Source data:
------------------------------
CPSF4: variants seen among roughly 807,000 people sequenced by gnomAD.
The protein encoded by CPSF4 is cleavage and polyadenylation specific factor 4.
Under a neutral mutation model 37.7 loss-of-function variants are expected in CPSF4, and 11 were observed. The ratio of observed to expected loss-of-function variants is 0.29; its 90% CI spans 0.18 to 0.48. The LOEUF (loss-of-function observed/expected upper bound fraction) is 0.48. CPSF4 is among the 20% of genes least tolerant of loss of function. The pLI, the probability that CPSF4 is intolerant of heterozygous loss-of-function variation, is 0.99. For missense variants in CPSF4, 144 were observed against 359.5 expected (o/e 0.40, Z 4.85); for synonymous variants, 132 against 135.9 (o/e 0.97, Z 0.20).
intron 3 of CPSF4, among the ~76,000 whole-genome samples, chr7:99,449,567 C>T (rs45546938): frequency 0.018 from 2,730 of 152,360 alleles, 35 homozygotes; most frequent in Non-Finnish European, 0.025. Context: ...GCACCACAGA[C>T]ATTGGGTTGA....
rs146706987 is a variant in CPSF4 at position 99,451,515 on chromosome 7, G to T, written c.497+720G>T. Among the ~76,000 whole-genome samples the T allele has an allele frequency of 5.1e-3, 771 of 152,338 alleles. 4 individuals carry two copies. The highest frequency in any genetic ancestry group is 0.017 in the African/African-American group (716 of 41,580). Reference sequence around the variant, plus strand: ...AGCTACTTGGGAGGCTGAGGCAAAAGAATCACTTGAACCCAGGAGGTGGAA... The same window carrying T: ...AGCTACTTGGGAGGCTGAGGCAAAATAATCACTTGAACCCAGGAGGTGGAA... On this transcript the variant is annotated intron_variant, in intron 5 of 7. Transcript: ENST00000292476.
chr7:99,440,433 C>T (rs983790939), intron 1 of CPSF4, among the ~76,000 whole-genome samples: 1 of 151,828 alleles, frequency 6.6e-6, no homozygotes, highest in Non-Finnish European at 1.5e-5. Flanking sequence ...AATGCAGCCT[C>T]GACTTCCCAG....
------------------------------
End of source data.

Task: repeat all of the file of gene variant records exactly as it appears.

CPSF4: variants seen among roughly 807,000 people sequenced by gnomAD.
The protein encoded by CPSF4 is cleavage and polyadenylation specific factor 4.
Under a neutral mutation model 37.7 loss-of-function variants are expected in CPSF4, and 11 were observed. The ratio of observed to expected loss-of-function variants is 0.29; its 90% CI spans 0.18 to 0.48. The LOEUF (loss-of-function observed/expected upper bound fraction) is 0.48. CPSF4 is among the 20% of genes least tolerant of loss of function. The pLI, the probability that CPSF4 is intolerant of heterozygous loss-of-function variation, is 0.99. For missense variants in CPSF4, 144 were observed against 359.5 expected (o/e 0.40, Z 4.85); for synonymous variants, 132 against 135.9 (o/e 0.97, Z 0.20).
intron 3 of CPSF4, among the ~76,000 whole-genome samples, chr7:99,449,567 C>T (rs45546938): frequency 0.018 from 2,730 of 152,360 alleles, 35 homozygotes; most frequent in Non-Finnish European, 0.025. Context: ...GCACCACAGA[C>T]ATTGGGTTGA....
rs146706987 is a variant in CPSF4 at position 99,451,515 on chromosome 7, G to T, written c.497+720G>T. Among the ~76,000 whole-genome samples the T allele has an allele frequency of 5.1e-3, 771 of 152,338 alleles. 4 individuals carry two copies. The highest frequency in any genetic ancestry group is 0.017 in the African/African-American group (716 of 41,580). Reference sequence around the variant, plus strand: ...AGCTACTTGGGAGGCTGAGGCAAAAGAATCACTTGAACCCAGGAGGTGGAA... The same window carrying T: ...AGCTACTTGGGAGGCTGAGGCAAAATAATCACTTGAACCCAGGAGGTGGAA... On this transcript the variant is annotated intron_variant, in intron 5 of 7. Transcript: ENST00000292476.
chr7:99,440,433 C>T (rs983790939), intron 1 of CPSF4, among the ~76,000 whole-genome samples: 1 of 151,828 alleles, frequency 6.6e-6, no homozygotes, highest in Non-Finnish European at 1.5e-5. Flanking sequence ...AATGCAGCCT[C>T]GACTTCCCAG....